Understanding and Managing the Slow COMT Gene: Insights for a Healthier You

February 16, 2024 5 mins to read

As an integrative nutrition student, heavily researched into NutriGenetics, today I’m going to briefly go over a slow COMT gene and a few tips to address it using holistic nutrition.

What is the Slow COMT Gene?

The COMT (catechol-O-methyltransferase) gene plays a critical role in breaking down dopamine and other catecholamines in the body. A variant known as the “slow COMT gene” leads to a reduced ability in processing these neurotransmitters, making individuals more sensitive to stress and prone to anxiety. This variant is prevalent in about 20-30% of Caucasians of European ancestry.

Slow COMT Symptoms and Health Effects

Individuals with the slow COMT gene may experience:

  • Heightened sensitivity to stress and traumatic events
  • Increased anxiousness
  • Issues with blood sugar balance
  • Weight management challenges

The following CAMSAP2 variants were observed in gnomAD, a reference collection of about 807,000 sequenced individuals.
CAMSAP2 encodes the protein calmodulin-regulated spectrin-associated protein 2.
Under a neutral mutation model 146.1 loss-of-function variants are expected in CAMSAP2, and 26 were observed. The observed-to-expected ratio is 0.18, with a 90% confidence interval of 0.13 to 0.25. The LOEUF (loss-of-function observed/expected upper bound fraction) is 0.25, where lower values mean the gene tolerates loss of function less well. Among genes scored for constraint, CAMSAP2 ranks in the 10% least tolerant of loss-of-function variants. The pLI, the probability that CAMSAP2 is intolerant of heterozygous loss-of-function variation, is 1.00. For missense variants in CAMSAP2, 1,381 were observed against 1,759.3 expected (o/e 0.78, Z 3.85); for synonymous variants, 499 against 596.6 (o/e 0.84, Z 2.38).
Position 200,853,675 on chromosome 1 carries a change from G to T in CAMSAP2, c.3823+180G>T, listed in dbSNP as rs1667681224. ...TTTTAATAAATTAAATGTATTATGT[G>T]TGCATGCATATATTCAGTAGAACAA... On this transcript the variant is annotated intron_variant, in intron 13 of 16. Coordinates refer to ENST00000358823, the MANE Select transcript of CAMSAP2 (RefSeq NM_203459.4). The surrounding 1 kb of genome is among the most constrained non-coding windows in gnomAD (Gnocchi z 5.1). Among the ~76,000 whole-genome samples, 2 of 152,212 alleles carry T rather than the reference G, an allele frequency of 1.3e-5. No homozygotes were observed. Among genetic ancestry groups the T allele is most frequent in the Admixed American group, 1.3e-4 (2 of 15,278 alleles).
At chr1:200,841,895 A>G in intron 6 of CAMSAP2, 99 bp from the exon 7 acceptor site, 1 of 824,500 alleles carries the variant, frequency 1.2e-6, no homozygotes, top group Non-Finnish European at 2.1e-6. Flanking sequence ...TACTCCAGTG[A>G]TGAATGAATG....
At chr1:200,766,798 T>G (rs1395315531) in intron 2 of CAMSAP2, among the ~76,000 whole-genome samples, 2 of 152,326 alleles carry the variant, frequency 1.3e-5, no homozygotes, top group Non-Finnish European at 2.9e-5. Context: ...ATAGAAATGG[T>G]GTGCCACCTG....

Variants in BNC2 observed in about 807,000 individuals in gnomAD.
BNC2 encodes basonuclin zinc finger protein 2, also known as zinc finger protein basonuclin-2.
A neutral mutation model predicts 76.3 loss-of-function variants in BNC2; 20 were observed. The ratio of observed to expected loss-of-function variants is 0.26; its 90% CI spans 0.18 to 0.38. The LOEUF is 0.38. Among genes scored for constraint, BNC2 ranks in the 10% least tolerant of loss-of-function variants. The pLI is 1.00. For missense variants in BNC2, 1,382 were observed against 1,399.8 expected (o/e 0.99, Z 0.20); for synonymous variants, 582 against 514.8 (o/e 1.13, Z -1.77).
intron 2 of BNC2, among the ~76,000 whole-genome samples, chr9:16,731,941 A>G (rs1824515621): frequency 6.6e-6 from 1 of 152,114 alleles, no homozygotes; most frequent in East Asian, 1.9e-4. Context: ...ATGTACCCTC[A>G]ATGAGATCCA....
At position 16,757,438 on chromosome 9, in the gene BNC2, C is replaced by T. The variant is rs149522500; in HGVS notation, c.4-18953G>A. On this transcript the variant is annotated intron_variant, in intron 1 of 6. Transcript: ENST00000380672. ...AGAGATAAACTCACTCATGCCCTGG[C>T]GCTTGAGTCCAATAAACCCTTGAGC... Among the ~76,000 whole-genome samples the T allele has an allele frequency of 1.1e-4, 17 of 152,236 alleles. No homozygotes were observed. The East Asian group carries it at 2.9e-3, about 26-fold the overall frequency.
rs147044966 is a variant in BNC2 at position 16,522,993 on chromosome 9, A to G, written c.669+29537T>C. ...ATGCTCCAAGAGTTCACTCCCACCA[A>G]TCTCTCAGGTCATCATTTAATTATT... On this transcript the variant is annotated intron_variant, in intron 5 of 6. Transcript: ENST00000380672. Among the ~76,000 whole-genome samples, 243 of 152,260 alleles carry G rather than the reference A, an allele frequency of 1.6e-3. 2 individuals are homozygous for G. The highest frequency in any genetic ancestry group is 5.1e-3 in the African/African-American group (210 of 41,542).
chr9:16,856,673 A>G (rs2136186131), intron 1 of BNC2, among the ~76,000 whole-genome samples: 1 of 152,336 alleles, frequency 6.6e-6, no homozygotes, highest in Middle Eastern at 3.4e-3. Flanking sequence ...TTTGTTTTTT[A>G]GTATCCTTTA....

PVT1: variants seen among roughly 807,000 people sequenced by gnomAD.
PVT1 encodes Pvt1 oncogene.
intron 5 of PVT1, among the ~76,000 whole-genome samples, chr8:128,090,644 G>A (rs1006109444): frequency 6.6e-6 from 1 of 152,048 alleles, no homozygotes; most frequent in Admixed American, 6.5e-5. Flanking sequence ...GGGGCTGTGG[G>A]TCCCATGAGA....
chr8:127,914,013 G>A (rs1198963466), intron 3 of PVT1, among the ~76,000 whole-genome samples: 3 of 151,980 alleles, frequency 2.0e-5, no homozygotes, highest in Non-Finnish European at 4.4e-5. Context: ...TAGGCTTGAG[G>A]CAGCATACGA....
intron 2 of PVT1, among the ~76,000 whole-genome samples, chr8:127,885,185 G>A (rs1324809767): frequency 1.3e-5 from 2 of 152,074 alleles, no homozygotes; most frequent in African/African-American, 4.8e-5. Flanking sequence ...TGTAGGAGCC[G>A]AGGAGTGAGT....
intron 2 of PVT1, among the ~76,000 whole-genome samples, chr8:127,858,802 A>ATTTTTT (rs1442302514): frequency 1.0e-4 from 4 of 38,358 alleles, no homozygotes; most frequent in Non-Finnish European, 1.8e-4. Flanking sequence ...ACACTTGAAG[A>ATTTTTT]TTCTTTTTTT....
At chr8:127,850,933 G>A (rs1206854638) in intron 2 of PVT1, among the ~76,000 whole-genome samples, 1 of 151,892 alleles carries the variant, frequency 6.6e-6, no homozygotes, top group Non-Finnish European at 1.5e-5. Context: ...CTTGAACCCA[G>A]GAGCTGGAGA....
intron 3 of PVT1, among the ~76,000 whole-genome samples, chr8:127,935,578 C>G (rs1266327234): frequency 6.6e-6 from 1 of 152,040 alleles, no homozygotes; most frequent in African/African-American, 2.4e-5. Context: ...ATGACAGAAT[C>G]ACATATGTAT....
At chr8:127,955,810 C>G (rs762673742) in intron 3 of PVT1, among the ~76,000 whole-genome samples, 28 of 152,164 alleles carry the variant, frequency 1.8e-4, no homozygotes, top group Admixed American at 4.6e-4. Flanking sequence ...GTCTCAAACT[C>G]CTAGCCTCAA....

• Enhanced memory and cognitive function

Managing the Slow COMT Gene: A Holistic Approach to a Slow COMT Diet

1. Slow COMT Diet Adjustments:

  • B Vitamins & Magnesium: These are crucial for supporting methylation and COMT function over-all.
  • Avoid Certain Foods: Limit caffeine and alcohol, as they trigger catechol release. Also, reducing high-protein foods containing amino acids like tryptophan (e.g. turkey) and phenylalanine (e.g. meat, poultry, fish and dairy) is recommended.
  • Estrogen and Catechols: Avoid foods and products that mimic estrogen known as phytoestrogens, e.g.: soy and parabens. Include cruciferous vegetables like broccoli and flaxseed to help manage estrogen levels. A lot of women don’t regularly check-up hormone levels, change this and make hormones testing part of your regular Dr check-ups, at least a few time per year, especially if you are experiencing health issues or unfavorable symptoms.

2. Lifestyle Modifications:

  • Exercise: opt for moderate exercise, avoiding overly strenuous activities that can increase catechols. Exercises like: walking, yoga, bicycling, swimming, qi dong and Pilates are all great examples of moderate intensity exercises; a health coach or fitness trainer is useful here.